The beginning of the history of the mandolin coincides with the beginning of man’s creative output. Depicted in our ancestors first doodles scribbled on ancient French caves (thought to have been done around 15000 BC and 8500 BC), single string instruments being played with a bow are a precursor to all of man’s musical pursuits.[1] The descendant of this single stringed chordophone[2] would be known as the lute. The first recorded Lute would appear in the Mesopotamian area around 2000BC[3]. From this point the Lute, or “oud” as it was called then (oud is Arabic for wood), would spread its sweet plucked sound all throughout Europe. It made its way to Spain when it was under Moorish Conquest. It was then brought to Italy through trade. And finally, returning Crusaders brought the Lute back to the rest of Europe.[4]As one can see, the Lute had its roots firmly planted through a good portion of the world. It was also simultaneously being invented and improved upon in places like Greece, Russia and Brazil.

While the Lute was being invented, reinvented, discovered and rediscovered all over the world, the Mandolin (which after all is the subject of this rather brief history) was emerging in Naples, Italy in the 15th century. While it enjoyed popularity in Europe, it did not make its way over to America for some time. The Mandolin arrived in America in the latter half of the 19th century along with the great influx of European immigration. In 1880, a particular group of immigrants came over that would launch the mandolin into the spotlight. “Estudiantina Figaro,” or the Spanish Students, where a band that played the Spanish variant of the mandolin (referred to as the Bandurria) to the raucous excitement of audiences from New York and Boston.[5]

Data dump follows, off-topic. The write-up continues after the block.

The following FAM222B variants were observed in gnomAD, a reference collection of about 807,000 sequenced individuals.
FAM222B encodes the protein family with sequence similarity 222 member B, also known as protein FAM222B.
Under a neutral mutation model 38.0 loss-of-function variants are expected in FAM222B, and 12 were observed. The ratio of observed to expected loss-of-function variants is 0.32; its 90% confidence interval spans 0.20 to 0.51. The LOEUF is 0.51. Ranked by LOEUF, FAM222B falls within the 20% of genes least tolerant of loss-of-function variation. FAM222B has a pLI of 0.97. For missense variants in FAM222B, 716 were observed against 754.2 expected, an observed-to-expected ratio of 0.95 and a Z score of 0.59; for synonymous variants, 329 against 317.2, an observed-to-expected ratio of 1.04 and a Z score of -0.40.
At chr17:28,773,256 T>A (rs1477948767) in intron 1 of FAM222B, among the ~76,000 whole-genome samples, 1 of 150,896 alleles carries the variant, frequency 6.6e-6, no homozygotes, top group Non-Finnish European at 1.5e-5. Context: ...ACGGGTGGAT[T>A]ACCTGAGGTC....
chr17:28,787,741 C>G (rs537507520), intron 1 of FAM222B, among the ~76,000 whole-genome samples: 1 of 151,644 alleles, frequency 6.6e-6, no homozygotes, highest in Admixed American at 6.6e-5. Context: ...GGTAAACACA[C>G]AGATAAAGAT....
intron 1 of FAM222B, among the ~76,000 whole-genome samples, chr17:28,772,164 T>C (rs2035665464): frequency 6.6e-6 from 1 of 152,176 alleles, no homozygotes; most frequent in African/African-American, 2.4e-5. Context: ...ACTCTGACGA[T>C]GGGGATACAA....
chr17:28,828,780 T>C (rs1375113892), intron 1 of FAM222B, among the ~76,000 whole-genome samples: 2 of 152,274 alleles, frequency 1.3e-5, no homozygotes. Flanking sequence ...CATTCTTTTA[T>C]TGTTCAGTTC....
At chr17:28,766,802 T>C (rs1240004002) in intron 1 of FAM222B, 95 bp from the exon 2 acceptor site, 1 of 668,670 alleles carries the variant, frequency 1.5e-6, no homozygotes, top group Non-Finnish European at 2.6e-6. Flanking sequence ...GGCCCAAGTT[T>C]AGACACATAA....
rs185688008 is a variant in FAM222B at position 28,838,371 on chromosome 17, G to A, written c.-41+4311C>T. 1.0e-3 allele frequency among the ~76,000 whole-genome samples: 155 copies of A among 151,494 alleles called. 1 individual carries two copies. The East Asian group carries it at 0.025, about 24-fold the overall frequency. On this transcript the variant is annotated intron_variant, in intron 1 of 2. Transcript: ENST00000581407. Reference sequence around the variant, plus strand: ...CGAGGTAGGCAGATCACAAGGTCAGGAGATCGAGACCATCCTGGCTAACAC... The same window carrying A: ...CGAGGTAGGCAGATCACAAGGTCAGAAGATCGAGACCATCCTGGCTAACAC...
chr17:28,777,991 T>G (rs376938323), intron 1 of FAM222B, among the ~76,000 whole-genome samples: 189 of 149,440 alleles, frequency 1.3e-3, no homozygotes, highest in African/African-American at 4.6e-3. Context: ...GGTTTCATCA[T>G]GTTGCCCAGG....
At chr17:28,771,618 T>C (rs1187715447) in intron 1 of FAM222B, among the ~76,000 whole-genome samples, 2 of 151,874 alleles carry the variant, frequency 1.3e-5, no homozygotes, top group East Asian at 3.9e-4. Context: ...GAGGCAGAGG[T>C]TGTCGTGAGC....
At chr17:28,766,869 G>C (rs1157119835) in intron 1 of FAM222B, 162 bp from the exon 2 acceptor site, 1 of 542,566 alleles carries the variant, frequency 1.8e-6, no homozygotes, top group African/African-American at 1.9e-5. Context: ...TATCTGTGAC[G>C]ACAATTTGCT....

The Mandolin was certainly noticed after the commotion caused by the Spanish Students. From 1890 to 1925, Mandolin sales skyrocketed in America. Of course, this meant that production would have to skyrocket too. One such manufacturing company was up to the task. Lyon & Healy (a mandolin company) boasted that at any one time you can find up to 10,000 mandolins in various stages of construction in our factories.[6] Companies such as Gibson and Martin employed traveling salesman to peddle the instrument (much in the same vain as the “The Music Man” musical). The salesman found it was more effective to showcase the instrument than to simply pitch it to people. They set up Mandolin orchestras around social clubs and institutions. These orchestras survive to this day in places like New York City, Baltimore and Milwaukee. The fact that the mandolin was a relatively inexpensive instrument did not hinder its close relationship with the common man.[7]